The game also changes up the perspectives of the game, although I don't think this is quite as big an issue. As noted above, Jason can drive around in the tank and move around on foot, which is the same as before. In certain rooms Jason will also appear as a zoomed in version of himself but, unlike the original game, these are done as side-scrolling run-n-gun boss fights, not top-down dungeons. The top-down perspective is saved for the end-of-stage tank battle arenas. While the running and gunning is decent fun, I do think the tank sections are too hard, annoyingly paced, and overly long. These sections of the game are a drag on the pacing and ruing the flow of the game. It's not smooth like it was in the original title, moving back and forth from top-down to side-scrolling.
Jason and his tank, meanwhile, feel much weaker this time around. He has more gadgets and gear to collect but most of them are of limited usefulness at best. The only upgrades that actually matter are the hover attachment for the tank and, later, the jet-pack for Jason (both of which more or less function the same way). Upgrades that added new weapons, new functionality, or did more to make the tank maneuverable would have helped this title, but there's no good replacement (or even something to fill the void) of the tank's previous underwater upgrade, or its wall clinging abilities, and that leaves the platforming feeling much more shallow this time around.
Meanwhile much of the life and personality of the first game is missing here. Where in the original game the tank would move and flex as it rolled around, looking and acting like a real character, it's a static vehicle here without that necessary spark of life. Jason has also lost his cutesy style, looking more like what you'd expect of a character on Sega's brand, but it lacks that fun zest that made him stand out on the NES. And that doesn't even get into the music which is far inferior to just about everything in the original game's soundtrack.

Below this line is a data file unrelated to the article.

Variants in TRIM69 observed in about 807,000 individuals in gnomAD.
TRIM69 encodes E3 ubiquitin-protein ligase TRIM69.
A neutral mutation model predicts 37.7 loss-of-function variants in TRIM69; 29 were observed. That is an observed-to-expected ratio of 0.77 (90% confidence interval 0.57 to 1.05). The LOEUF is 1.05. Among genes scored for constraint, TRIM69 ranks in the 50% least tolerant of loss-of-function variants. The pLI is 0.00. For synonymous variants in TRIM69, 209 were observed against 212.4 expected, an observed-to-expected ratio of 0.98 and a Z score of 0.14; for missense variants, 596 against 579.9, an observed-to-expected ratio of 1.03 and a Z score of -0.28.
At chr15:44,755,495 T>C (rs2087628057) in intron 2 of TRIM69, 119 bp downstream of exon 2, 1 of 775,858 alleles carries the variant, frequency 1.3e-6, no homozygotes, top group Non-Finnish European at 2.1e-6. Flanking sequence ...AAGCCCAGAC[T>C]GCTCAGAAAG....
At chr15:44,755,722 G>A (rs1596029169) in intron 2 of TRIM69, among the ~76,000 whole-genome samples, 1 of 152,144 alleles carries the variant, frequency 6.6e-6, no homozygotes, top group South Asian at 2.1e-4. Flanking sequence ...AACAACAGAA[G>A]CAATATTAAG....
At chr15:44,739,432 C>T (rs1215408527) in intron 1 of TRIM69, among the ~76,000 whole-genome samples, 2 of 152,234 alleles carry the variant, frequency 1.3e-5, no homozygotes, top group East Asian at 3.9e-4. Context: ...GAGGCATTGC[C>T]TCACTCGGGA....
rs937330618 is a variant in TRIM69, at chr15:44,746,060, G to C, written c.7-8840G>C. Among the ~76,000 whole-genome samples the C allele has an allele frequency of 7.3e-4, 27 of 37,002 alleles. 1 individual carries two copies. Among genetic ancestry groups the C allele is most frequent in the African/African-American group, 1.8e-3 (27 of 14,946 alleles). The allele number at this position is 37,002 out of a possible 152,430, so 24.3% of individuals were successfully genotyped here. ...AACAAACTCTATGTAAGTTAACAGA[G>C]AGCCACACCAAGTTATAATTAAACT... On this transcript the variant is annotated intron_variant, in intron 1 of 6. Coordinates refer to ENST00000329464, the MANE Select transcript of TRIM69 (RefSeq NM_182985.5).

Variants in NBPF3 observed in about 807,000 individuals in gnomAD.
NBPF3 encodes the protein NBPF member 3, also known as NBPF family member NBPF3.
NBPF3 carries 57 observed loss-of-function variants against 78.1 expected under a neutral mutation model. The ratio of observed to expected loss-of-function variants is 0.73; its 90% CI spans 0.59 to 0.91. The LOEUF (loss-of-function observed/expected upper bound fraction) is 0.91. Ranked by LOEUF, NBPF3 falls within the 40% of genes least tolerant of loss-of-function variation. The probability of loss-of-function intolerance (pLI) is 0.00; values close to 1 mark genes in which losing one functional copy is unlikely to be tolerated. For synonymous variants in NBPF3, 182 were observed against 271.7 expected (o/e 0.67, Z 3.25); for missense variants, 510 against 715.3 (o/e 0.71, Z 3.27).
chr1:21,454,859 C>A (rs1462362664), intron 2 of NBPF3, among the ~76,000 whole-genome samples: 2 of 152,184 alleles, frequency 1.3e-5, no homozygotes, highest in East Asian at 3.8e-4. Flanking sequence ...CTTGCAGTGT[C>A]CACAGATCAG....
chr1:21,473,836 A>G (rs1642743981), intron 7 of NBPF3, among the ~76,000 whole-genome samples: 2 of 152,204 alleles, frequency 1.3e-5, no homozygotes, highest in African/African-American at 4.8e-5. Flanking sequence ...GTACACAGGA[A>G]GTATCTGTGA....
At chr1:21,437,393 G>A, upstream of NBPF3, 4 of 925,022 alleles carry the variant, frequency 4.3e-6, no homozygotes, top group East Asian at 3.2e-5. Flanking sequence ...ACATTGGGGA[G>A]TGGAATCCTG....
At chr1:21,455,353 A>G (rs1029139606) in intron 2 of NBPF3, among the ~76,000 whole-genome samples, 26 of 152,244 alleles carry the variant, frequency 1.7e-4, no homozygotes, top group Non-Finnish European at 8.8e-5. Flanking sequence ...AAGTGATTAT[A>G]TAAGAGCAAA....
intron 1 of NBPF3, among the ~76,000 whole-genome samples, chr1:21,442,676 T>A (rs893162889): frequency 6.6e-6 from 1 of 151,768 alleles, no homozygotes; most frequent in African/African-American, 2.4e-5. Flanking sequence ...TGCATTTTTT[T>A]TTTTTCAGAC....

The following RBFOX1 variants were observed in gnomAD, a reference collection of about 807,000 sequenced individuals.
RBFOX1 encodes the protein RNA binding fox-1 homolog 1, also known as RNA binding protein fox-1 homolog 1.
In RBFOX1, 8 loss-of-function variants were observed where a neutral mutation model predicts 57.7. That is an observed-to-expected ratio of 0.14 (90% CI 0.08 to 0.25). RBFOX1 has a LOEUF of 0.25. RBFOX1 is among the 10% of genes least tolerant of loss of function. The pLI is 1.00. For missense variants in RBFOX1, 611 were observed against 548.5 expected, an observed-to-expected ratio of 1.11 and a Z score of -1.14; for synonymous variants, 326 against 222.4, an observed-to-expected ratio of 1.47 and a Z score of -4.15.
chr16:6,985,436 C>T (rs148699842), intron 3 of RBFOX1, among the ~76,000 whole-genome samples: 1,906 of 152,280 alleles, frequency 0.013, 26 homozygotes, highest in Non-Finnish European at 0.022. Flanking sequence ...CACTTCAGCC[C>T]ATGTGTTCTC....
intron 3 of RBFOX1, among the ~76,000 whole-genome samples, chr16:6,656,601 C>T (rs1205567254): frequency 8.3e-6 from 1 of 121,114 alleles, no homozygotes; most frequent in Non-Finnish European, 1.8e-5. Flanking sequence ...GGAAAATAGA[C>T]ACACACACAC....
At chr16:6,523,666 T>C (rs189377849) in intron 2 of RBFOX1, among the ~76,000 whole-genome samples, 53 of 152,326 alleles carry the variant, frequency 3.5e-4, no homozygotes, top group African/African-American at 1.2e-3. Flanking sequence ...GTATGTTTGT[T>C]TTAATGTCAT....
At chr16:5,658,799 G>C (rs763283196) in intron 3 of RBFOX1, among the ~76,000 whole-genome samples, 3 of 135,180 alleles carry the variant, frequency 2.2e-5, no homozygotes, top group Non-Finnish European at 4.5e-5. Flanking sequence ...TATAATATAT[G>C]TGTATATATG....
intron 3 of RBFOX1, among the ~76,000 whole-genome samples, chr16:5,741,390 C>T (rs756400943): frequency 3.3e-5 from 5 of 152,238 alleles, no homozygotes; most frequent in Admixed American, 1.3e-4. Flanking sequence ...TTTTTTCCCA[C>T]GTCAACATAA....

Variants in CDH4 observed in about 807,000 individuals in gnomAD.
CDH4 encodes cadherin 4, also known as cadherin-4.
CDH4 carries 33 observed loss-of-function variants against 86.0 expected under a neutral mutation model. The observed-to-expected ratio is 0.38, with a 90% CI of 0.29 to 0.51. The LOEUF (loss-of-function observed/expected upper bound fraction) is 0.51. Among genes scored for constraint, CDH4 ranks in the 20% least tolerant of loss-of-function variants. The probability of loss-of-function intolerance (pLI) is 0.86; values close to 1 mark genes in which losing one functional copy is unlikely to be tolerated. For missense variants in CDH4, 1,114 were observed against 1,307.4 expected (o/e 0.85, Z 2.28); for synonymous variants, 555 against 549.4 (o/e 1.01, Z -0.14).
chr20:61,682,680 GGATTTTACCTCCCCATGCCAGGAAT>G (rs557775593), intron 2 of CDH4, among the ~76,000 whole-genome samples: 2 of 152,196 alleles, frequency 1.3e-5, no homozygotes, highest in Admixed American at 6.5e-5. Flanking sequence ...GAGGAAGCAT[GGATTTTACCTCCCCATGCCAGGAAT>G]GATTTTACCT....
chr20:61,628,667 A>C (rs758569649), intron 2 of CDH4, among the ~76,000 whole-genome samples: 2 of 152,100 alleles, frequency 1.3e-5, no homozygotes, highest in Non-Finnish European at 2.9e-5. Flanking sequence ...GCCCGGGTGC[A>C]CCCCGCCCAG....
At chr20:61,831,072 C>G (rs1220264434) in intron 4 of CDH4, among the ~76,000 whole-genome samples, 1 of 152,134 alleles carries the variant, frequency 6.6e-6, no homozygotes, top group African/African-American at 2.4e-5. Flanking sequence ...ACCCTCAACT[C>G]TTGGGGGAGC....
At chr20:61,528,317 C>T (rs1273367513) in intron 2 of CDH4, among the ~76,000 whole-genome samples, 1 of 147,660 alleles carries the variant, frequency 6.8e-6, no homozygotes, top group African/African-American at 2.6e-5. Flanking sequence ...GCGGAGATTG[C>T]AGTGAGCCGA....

The one bright spot on this package is that the graphics themselves are pretty good, crisp and clean with a lot of bright colors. I just wish they were in service of a game that had more ideas of what to do with this fresh coat of paint. By the third stage you've seen just about every obstacle, every puzzle, every creative idea the team had, with five more stages to go. The game feels very bland, very repetitive, and not becoming of the proper successor to the NES classic. There's just something missing from this game, that spark that would make it a proper sequel.
Thing is, if it had any other name attached to it I think the game would be viewed better. It's not a good game but it's also not a bad one, and with a different name the game could have been considered "Sega's answer to Blaster Master" not it's pale imitation. The name, though, makes certain promises that the game itself can't match. With a different title this would have been a fine, if still fairly generic feeling, run-n-gun shooter with some marginal tank arena sections. Marginal isn't good enough, though, for Blaster Master.
It's crazy, too, because this game was designed specifically to be a Blaster Master sequel, unlike the next game in the series Blaster Master 2 wasn't a reskin of some other game in Japan; hell, it didn't even get released in Japan, instead having been specifically designed for North America. For a game that the company obviously wanted to make to capitalize on fan sentiment in the U.S. you'd think they would have put more care into this title. Instead we got a fairly sloppy sequel, all things considered, that was largely forgotten almost as soon as it was released.